How Greenhouses Work


Building a Greenhouse
You too can build your own greenhouse to grow cucumbers, tomatoes and roses like this one in Hveragerdi, Iceland.
You too can build your own greenhouse to grow cucumbers, tomatoes and roses like this one in Hveragerdi, Iceland.
Cyril Ruoso/ JH Editorial/Minden Pictures/Getty Images

If you want the biggest tomatoes in your neighborhood next season, need somewhere to over-winter your orchids or love the idea of having your own blooming flowers year round, a backyard greenhouse may be just right for you.

Building your own greenhouse used to be a difficult process requiring complicated building plans, expensive materials and professional assistance. Now, with the widespread availability of prefabricated kits, the process is easier and more affordable. The most popular greenhouse size is around 8 feet by 6 feet (2.4 meters by 1.8 meters), probably because it doesn't require a poured foundation. Whatever the size, placing the greenhouse so that it receives enough strong light and is in proportion to the rest of the property is an important consideration when considering a greenhouse addition.

When planning for a greenhouse, one of the first questions you should ask is about the types of plants you'll be keeping. The varieties of plants you choose will determine how warm the greenhouse will have to stay in winter, and to a degree, how large it will need to be. That coupled with the weather in your area will give you an idea of how much supplemental heat the greenhouse will need to maintain your plants at a safe minimum temperature.

­Another concern is the amount of time you'll have available for maintenance. Automated ventilation, heating and watering systems can make keeping plants much easier, but at a cost. For automated systems to work, a power supply will be necessary, and any water delivery system needs access to a water line or water holding tank.

Some greenhouse styles are modular and can grow with you. That way you can start small and expand. Modular units are also well-suited to mixed applications. You can keep plants in different sections of the greenhouse separated by a divider.

If displaying your plants to advantage is one of your primary goals, a conservatory or sunroom may be the best choice. They're more expensive than bare-bones greenhouses but can be stunning additions to a property.

For lots more information on greenhouses, cultivating plants, getting your hands dirty and related topics, dig around the links below.

Related How Stuff Works Articles

More Great Links

Sources

  • Bellows, Barbara, "Solar Greenhouse Resources." National Sustainable Agriculture Information Service. 2008. (9/12/2008). http://attra.ncat.org/attra-pub/solar-gh.html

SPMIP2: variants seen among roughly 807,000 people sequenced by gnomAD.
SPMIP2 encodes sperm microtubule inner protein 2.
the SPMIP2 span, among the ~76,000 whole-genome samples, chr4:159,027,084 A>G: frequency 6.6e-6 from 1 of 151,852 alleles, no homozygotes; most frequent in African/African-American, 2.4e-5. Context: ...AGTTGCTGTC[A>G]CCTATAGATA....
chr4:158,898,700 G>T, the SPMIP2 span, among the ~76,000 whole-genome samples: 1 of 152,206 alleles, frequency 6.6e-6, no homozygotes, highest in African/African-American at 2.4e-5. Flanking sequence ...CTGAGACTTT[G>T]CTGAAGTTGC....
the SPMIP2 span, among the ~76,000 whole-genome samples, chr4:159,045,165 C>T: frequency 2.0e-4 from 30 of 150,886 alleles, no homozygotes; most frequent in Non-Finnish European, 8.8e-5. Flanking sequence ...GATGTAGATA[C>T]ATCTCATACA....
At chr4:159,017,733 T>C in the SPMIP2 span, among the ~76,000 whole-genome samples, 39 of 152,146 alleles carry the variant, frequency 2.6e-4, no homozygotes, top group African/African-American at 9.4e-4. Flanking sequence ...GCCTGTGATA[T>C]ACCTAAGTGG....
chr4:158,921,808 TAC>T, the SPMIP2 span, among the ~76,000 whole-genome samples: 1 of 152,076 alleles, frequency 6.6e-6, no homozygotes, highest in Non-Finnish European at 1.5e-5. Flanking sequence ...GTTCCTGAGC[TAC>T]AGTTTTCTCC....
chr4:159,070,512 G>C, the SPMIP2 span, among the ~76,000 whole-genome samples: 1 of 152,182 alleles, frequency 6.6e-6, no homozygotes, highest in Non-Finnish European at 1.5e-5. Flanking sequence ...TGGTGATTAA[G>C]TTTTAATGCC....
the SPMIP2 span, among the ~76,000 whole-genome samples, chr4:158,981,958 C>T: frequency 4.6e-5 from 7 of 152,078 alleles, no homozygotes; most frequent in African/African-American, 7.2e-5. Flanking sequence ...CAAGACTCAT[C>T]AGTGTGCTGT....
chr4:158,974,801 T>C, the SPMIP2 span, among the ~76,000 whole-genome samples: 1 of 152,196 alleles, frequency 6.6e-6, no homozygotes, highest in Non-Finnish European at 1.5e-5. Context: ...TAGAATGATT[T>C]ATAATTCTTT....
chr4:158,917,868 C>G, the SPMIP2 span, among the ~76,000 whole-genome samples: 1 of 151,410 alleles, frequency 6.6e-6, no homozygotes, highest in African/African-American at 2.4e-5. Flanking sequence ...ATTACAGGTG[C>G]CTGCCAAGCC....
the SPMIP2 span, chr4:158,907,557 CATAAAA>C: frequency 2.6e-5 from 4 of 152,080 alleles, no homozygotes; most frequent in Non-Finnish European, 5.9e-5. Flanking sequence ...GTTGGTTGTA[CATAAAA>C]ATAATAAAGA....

• Bowling, Sue Ann. "How Do Greenhouses Work?" 4/20/1987, Accessed: 9/9/2008. http://www.gi.alaska.edu/ScienceForum/ASF8/817.html
  • Britannica Online Encyclopedia, "Greenhouse," Undated, (9/12/2008). http://www.britannica.com/EBchecked/topic/245223/greenhouse
  • Earth Observatory, Nasa, "Greenhouses of the Campo de Dalias, Almeria Province, Spain." Undated. (9/14/2008). http://earthobservatory.nasa.gov/Newsroom/NewImages/images.php3?img_id=16554
  • Eden Project, "What's at Eden." Undated. 9/14/2008. http://www.edenproject.com/whats-at-eden/whats-here/index.php
  • Grubinger, Vern. "Beneficial Insects For the Greenhouse." Vegetable and Berry Page University of Vermont Extension. Undated. (9/14/08) http://www.uvm.edu/vtvegandberry/factsheets/beneficialsGH.html
  • Hessayon, D. G. "The Greenhouse Expert." New York: Sterling Publishing Co., Inc. (1994)
  • Hobby Greenhouses. "The History of Greenhouses." Undated. (9/12/2008). http://www.hobby-greenhouse.com/history_of_greenhouses.htm
  • In, Chris. "An Explanation of How Greenhouses Work." 1/21/08. (9/13/08). http://www.greenhousegardeningtips.co.uk/an-explanation-of-how-greenhouses-work/
  • Italian Tourist Board. "Botanical Gardens in Italy." Undated. (9/11/2008) http://www.italiantourism.com/botanic.html
  • Janick, Jules. "Agricultural Scientific Revolution: Mechanical." Purdue University, History of Horticulture. 2002. (9/14/2008). http://www.hort.purdue.edu/newcrop/history/lecture32/lec32.html
  • Janick, Jules. "What the Roman Emperor Tiberius Grew in His Greenhouses." Undated. (9/12/2008). http://www.hort.purdue.edu/newcrop/2_13_Janick.pdf
  • Martell, Arlene. "How Greenhouses Work - Greenhouse Gardening at Its Best." 8/25/08. (9/12/08) http://www.howitworks.net/how-a-greenhouse-works.html
  • Mierswa, Dietric. "Step-By-Step Garden Guide, Greenhouse Gardening." UK: Grange Books (1994)
  • Montenegro, Maywa. "Vertical Farms and Future Cities." 6/2/2008. (9/12/2008) http://gristmill.grist.org/story/2008/5/31/13335/3773
  • Nasa - Science at Nasa, " Greenhouses for Mars." 2/25/2008. (9/14/2008) http://science.nasa.gov/headlines/y2004/25feb_greenhouses.htm
  • North Carolina State University. "Greenhouse Food Production." 6/17/2008. (9/14/2008). http://www.ces.ncsu.edu/depts/hort/greenhouse_veg/
  • Ross, David S. "Planning and Building a Greenhouse." West Virginia University Extension Service Fact Sheet. Undated. 9/12/2008. http://www.wvu.edu/~agexten/hortcult/greenhou/building.htm
  • Royal Botanic Gardens, Kew. "Temperate House." Undated. (9/13/2008). http://www.kew.org/places/kew/temperatehouse.html
  • Sorenson, Dan. "Greenhouses for the Moon and Mars." 1/7/2007. (9/12/2008) http://www.azstarnet.com/sn/science/163564
  • Tremlett, Giles. "Spain's Greenhouse Effect: The Shimmering Sea of Polythene Consuming the Land." Guardian,co.uk. 9/21/05. (9/15/08) http://www.guardian.co.uk/world/2005/sep/21/spain.gilestremlett
  • World Heritage Foundation. "Kew Gardens, London." Undated. (9/14/2008). http://www.great-britain.co.uk/world-heritage/kew-gardens.htm

More to Explore